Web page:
Movie News & Reviews

Tower film draws former employees to Sacramento from around the world

If you see a pack of senior citizens whooping it up in Sacramento tonight, you best step aside.

They might just be a group of former Tower Records employees in town to party about the past.

Hundreds of former Tower Records employees have descended on the home of the defunct record store chain for an employee reunion timed with the theatrical release of “All Things Must Pass,” the Colin Hanks documentary about the life and death of the chain.

“I think it’s great that we are still a family,” said Theresa Allen, 69. She started at the company at age 33 and stayed with the once global giant until the end in 2006.

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Sacramento’s Tower Records grew out of a side business operated by Russ Solomon in his father’s drugstore next to the Tower Theater in Land Park, where the documentary will have its Sacramento premier at 7:30 p.m. The company grew into a dominant force in the record business with 200 stores globally.

Eventually things fell apart with the rise of digital music sharing. The company filed for bankruptcy in 2006.

On Friday, the Dimple Records at 16th and Broadway – formerly a Tower – was transformed with signs carrying the red and yellow Tower logo.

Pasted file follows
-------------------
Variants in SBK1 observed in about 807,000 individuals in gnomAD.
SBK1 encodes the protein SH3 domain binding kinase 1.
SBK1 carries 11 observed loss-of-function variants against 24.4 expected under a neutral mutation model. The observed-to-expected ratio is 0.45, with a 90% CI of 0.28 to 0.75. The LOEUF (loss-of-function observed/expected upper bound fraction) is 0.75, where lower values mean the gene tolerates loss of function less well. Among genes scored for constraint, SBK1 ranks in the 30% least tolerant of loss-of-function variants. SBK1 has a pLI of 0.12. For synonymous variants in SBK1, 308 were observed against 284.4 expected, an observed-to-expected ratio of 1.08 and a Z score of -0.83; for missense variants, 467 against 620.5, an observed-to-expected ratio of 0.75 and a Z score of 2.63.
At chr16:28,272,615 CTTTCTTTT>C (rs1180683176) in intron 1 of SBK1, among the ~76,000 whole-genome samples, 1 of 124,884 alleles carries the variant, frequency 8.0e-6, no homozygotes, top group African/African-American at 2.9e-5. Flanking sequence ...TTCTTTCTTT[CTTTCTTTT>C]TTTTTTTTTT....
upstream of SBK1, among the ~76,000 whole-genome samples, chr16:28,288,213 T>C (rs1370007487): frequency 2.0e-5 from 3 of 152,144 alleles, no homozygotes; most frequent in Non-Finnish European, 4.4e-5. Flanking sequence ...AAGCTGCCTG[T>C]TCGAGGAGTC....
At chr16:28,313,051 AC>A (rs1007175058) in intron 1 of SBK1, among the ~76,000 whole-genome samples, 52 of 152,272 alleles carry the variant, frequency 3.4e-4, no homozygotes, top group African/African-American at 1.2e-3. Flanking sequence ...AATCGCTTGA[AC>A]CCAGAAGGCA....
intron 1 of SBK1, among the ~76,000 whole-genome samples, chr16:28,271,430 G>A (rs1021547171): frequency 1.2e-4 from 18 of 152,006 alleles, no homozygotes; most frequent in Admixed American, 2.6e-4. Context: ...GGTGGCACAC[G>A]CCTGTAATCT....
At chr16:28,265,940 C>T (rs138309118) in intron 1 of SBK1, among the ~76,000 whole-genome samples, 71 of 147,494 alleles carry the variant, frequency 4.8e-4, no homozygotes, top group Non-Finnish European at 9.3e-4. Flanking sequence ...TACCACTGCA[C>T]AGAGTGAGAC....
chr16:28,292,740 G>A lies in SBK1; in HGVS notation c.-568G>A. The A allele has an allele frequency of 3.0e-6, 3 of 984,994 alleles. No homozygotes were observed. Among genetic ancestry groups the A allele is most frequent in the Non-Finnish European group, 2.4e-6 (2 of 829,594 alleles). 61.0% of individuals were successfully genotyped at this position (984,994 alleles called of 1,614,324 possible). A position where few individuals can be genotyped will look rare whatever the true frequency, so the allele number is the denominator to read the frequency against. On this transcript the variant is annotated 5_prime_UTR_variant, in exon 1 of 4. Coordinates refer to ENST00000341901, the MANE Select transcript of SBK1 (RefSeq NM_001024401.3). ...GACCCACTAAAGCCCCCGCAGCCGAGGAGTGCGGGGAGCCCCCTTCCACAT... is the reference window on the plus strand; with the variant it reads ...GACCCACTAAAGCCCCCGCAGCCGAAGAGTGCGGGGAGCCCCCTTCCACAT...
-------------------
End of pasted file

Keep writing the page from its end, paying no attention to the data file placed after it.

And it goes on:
A “Tower Records” bag will be given out with every purchase all weekend while supplies last, said Terri Williams, a former employee helping run the reunion. Williams started working at Tower an in intern in 1975.

“I learned a lot. It was like Tower University for me,” said Williams, who left in 2002 as vice president of marketing.

Former employees and the general public will have a chance to view Tower Records artifacts from 3 p.m. until 6 p.m. Friday. Founder Russ Solomon is expected to be on hand at 5 p.m. for a press conference.

That’s just the beginning of the celebrations for the former employees, some of whom flew in from as far as Australia.

“The best part is going to be seeing so many of the employees I haven’t seen in years,” said Stan Goman, 67. One of the early employees, his 37-year run ended with the title chief operating officer.

Tower Records founder Russ Solomon reflects on the legacy of the business he founded.

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